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How does the criminal process go?

Victims of hate crime who report it should know that this is not the end of the story. The information provided by the victim is the basis for opening a pre-trial investigation. It is the start of the criminal proceedings.

When the criminal proceedings start, you will be facing:

Pre-trial investigation. If the police gather enough information after receiving the report and arriving at the scene, there is no need to file a separate police report. In most cases, a call for police is a legal basis for opening a pre-trial investigation. However, a formal complaint from the applicant is sometimes necessary. For example, in cases of sexual abuse. If no criminal offence is found, no pre-trial investigation is opened. In any case, you will be informed of the decision and you will have the right to appeal against the refusal to open a pre-trial investigation (the prosecutor may reopen the investigation in the light of complaints or on his/her own initiative).

The pre-trial investigation gathers all relevant data and investigates the circumstances in order to identify the perpetrator. Witnesses and suspects are being questioned, so you may have to go to a police station or prosecutor’s office to answer questions from investigators.

Once all the information has been gathered, the pre-trial investigation officer refers the case to the prosecutor. The prosecutor decides whether to take the case to court. It may also close the case or refer it back for further investigation[1].

The pre-trial investigation must be carried out in the shortest possible time. According to the Criminal Procedure Code, investigations must be completed within three months for misdemeanors, six months for petty, petty and reckless crimes, and nine months for serious and very serious offences. In special cases, the pre-trial investigation may be extended.

Court proceedings. Once the prosecutor has gathered all the necessary material, the case goes to court. The case continues at trial. If the case is complex, a timetable of hearings may be set.

Although the details of pre-trial investigations are not made public, cases are usually heard in court in public. Cases are heard in private when minors are involved in criminal proceedings, and when crimes and criminal offences against the freedom and integrity of a person’s sexual decision are being investigated. Information about the private lives of those involved in the proceedings, people with special protection needs and people who are guaranteed anonymity are protected from publicity.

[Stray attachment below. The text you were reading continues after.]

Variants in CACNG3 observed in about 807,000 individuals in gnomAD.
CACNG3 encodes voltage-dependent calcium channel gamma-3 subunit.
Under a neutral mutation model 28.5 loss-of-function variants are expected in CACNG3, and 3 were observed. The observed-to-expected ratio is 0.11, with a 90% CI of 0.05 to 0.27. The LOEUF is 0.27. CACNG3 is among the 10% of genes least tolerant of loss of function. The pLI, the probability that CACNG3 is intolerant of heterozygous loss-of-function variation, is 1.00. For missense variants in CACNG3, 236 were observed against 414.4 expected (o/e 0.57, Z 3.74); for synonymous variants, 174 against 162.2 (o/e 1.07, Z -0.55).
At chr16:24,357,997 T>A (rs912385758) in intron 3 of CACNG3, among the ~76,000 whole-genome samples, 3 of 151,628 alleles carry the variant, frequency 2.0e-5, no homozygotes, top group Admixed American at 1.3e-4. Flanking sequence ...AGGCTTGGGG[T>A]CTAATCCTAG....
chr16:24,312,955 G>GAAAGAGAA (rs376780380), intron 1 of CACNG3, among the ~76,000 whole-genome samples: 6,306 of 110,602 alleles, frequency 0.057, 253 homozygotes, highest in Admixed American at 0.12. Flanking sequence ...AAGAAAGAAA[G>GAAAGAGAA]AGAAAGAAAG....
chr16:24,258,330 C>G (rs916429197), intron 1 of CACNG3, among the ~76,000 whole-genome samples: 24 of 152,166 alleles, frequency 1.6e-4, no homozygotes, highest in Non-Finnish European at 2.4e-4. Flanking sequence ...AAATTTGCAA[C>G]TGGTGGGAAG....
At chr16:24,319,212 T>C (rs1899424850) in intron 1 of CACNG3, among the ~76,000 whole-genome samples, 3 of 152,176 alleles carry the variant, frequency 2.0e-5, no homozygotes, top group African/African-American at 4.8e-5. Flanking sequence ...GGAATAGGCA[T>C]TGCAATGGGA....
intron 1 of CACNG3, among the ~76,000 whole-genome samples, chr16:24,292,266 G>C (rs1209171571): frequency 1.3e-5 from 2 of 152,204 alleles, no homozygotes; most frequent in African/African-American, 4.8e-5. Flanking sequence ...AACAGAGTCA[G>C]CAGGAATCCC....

The hearing takes place orally. The court directly examines the evidence in the case, then the accused, victims, witnesses, and experts and specialists called to the hearing are questioned. A case will only be heard in a different way only in exceptional cases.

At the end of the hearing, a verdict is drawn up. It can convict or acquit, and it can also dismiss a criminal case. If convicted, the defendant is found guilty and sentenced; if acquitted, the defendant is found not guilty of the offence[2]. At the end of the case, the victim is also awarded damages, if requested.

Instead of a conviction, the court can issue a criminal order. A criminal order is issued if it is decided not to hold a trial.

Execution of the sentence and appeal. Once the court has pronounced the sentence, it shall enter into force within twenty days. If a person disagrees with the verdict, he can appeal to a higher court within this period.

If you appeal to a higher court, the original conviction is considered not to have entered into force. The judgment of the Court of Appeal enters into force immediately.

In exceptional circumstances, judgments or sentences may be appealed against in cassation once they have become final.

District court verdicts are appealed to the Regional Court, while Regional Court verdicts are appealed to the Court of Appeal of Lithuania. After exhausting all domestic remedies, both the victim and the convicted person can appeal to the European Court of Human Rights.

[1] Hate crime: a must-know. In Lgl.lt.

[2] Criminal proceedings are governed by the Criminal Procedure Code.